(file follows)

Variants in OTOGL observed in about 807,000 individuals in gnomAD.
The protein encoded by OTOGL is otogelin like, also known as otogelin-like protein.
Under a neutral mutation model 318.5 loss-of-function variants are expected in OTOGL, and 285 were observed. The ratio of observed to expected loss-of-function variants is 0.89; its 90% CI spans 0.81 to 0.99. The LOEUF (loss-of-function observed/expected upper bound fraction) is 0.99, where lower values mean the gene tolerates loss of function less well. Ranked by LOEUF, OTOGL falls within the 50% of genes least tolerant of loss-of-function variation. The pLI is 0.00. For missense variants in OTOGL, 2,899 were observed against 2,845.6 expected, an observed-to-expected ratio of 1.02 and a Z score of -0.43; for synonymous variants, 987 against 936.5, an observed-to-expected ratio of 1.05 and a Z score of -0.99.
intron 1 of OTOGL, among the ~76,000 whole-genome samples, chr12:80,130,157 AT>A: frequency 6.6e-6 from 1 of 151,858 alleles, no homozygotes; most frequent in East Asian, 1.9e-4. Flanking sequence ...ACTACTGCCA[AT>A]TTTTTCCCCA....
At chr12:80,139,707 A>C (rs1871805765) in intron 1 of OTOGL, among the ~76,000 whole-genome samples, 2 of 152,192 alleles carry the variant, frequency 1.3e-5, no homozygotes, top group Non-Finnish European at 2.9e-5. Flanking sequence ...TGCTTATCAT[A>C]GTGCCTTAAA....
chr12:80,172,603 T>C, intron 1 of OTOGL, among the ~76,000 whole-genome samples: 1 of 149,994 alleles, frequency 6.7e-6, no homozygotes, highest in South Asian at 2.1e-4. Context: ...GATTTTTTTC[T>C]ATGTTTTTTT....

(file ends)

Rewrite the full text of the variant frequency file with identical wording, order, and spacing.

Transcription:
Variants in OTOGL observed in about 807,000 individuals in gnomAD.
The protein encoded by OTOGL is otogelin like, also known as otogelin-like protein.
Under a neutral mutation model 318.5 loss-of-function variants are expected in OTOGL, and 285 were observed. The ratio of observed to expected loss-of-function variants is 0.89; its 90% CI spans 0.81 to 0.99. The LOEUF (loss-of-function observed/expected upper bound fraction) is 0.99, where lower values mean the gene tolerates loss of function less well. Ranked by LOEUF, OTOGL falls within the 50% of genes least tolerant of loss-of-function variation. The pLI is 0.00. For missense variants in OTOGL, 2,899 were observed against 2,845.6 expected, an observed-to-expected ratio of 1.02 and a Z score of -0.43; for synonymous variants, 987 against 936.5, an observed-to-expected ratio of 1.05 and a Z score of -0.99.
intron 1 of OTOGL, among the ~76,000 whole-genome samples, chr12:80,130,157 AT>A: frequency 6.6e-6 from 1 of 151,858 alleles, no homozygotes; most frequent in East Asian, 1.9e-4. Flanking sequence ...ACTACTGCCA[AT>A]TTTTTCCCCA....
At chr12:80,139,707 A>C (rs1871805765) in intron 1 of OTOGL, among the ~76,000 whole-genome samples, 2 of 152,192 alleles carry the variant, frequency 1.3e-5, no homozygotes, top group Non-Finnish European at 2.9e-5. Flanking sequence ...TGCTTATCAT[A>C]GTGCCTTAAA....
chr12:80,172,603 T>C, intron 1 of OTOGL, among the ~76,000 whole-genome samples: 1 of 149,994 alleles, frequency 6.7e-6, no homozygotes, highest in South Asian at 2.1e-4. Context: ...GATTTTTTTC[T>C]ATGTTTTTTT....